Key Events & Deaths on this day in Northern Ireland Troubles
Monday 2 August 1976
Cornelius Neeson (49), a Catholic civilian, was killed with an axe as he walked home along the Cliftonville Road, Belfast. Members of he Ulster Volunteer Force (UVF) gang known as the ‘Shankill Butchers’ were responsible for the killing.
Roy Mason, then Secretary of State for Northern Ireland, announced that a sports car factory would be built in West Belfast and would mean 2,000 new jobs. The new factory was seen as a breakthrough in securing American investment in Northern Ireland.
However the DeLorean factory required a British investment of £56 million out of a total of £65 million. At the time a number of commentators expressed reservations about the potential success of the venture and indeed the business did fail with the loss of substantial public funds.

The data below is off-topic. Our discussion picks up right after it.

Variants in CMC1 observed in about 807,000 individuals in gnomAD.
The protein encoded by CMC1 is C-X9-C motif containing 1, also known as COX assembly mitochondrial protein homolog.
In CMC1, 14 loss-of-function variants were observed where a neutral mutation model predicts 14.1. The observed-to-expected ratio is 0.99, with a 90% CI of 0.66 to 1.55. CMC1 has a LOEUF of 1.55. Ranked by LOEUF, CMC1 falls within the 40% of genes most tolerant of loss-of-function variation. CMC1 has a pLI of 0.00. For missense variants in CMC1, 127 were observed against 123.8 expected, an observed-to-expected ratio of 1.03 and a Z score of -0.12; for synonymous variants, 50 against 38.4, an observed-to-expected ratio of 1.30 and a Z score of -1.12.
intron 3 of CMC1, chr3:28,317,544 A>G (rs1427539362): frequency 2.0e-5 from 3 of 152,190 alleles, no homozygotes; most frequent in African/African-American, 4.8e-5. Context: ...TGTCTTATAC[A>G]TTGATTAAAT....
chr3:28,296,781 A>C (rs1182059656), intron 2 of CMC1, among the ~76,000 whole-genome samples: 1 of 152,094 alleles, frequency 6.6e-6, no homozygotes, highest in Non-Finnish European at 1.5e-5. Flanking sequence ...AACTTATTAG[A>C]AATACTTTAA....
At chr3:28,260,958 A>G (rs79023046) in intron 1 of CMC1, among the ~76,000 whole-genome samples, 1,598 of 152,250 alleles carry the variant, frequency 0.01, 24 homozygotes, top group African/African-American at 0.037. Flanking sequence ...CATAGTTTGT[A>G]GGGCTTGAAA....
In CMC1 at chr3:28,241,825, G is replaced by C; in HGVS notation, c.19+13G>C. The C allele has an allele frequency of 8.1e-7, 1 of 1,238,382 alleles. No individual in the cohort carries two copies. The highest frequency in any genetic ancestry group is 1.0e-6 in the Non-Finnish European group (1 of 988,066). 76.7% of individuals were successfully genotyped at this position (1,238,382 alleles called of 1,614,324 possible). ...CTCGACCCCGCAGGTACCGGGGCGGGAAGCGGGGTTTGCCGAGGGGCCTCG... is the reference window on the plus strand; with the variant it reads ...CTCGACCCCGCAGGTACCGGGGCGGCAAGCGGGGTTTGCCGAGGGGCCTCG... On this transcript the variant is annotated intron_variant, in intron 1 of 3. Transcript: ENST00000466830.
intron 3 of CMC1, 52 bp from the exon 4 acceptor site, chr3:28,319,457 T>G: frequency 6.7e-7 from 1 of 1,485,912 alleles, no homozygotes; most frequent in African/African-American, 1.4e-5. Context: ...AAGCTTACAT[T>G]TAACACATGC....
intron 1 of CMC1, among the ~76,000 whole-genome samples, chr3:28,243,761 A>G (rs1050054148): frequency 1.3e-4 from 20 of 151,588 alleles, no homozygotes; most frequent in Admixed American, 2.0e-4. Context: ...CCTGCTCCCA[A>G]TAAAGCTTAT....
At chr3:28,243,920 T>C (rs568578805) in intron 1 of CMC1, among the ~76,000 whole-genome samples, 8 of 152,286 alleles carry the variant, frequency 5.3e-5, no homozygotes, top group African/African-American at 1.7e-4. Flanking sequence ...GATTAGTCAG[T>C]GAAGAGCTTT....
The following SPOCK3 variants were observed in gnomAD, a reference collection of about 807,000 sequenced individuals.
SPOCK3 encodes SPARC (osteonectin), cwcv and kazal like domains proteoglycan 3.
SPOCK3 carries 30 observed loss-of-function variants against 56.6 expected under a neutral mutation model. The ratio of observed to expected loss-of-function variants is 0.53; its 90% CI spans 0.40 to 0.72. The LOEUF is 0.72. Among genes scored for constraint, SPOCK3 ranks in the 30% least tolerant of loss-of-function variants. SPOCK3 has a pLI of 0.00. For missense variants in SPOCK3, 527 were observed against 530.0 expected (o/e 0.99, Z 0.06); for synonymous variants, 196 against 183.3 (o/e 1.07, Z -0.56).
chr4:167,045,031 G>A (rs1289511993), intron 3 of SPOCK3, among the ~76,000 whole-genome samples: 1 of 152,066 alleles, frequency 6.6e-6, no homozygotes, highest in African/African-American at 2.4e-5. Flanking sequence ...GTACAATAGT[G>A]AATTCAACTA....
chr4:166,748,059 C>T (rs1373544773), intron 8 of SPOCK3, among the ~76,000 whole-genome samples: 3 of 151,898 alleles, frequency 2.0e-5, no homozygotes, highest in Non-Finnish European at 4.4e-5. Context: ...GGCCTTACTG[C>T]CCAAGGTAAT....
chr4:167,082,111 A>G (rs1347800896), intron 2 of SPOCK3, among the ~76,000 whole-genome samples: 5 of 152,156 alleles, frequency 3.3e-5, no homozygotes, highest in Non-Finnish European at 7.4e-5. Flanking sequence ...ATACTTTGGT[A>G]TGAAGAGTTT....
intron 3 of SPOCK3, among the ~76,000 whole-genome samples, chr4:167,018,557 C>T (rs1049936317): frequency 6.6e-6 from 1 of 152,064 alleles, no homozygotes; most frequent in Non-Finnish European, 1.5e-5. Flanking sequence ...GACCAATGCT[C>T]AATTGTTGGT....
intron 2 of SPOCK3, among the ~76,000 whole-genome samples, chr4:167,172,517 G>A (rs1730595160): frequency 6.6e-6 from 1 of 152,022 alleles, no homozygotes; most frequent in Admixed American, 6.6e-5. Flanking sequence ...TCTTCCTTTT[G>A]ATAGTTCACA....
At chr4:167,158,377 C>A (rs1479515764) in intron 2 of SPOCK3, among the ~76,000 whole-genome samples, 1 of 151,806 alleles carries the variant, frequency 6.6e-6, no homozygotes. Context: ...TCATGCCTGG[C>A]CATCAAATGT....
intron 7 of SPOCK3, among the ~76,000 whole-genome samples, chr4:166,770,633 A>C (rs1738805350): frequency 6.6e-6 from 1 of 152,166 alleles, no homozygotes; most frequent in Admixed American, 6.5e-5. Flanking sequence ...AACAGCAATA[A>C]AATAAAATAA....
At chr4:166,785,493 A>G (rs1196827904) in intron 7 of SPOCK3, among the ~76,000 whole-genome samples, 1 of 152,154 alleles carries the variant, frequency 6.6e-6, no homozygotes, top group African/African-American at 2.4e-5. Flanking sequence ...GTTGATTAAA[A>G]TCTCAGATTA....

Thursday 2 August 1979
Two British soldiers were killed by the Irish Republican Army (IRA) in a landmine attack at Cathedral Road, Armagh.
These deaths brought the total number of British Army soldiers killed in Northern Ireland since 1969 to 301.
A Royal Ulster Constabulary (RUC) officer was shot dead by the IRA in Belfast.
Sunday 2 August 1981
Eighth Hunger Striker Died
Kieran Doherty (25) died after 73 days on hunger strike. Doherty was a member of the Irish Republican Army (IRA) and had been elected as a Teachta Dáil (TD) during the general election in the Republic of Ireland on 11 June 1981.
John Smyth & Andrew Wood
Two Royal Ulster Constabulary (RUC) officers were killed in a landmine attack carried out by the Irish Republican Army (IRA) in Loughmacrory, near Omagh, County Tyrone.
Sunday 2 August 1992
Two bombs, each estimated at 200 pounds, exploded in Bedford Street, Belfast. Extensive damage was done to buildings in the area.
Hugh Annesley, Chief Constable of the Royal Ulster Constabulary (RUC), issued a statement on the Channel 4 programme entitled ‘The Committee’ broadcast on 2 October 1991. Annesley stated that there was no truth to the allegations.
Tuesday 2 August 1994
According to a report in the Irish Press (a Dublin based newspaper) on 8 August 1994 a meeting took place on 2 August between representatives of the Ulster Volunteer Force (UVF) and those of the Ulster Freedom Fighters (UFF), a cover name (pseudonym) used by the Ulster Defence Association (UDA).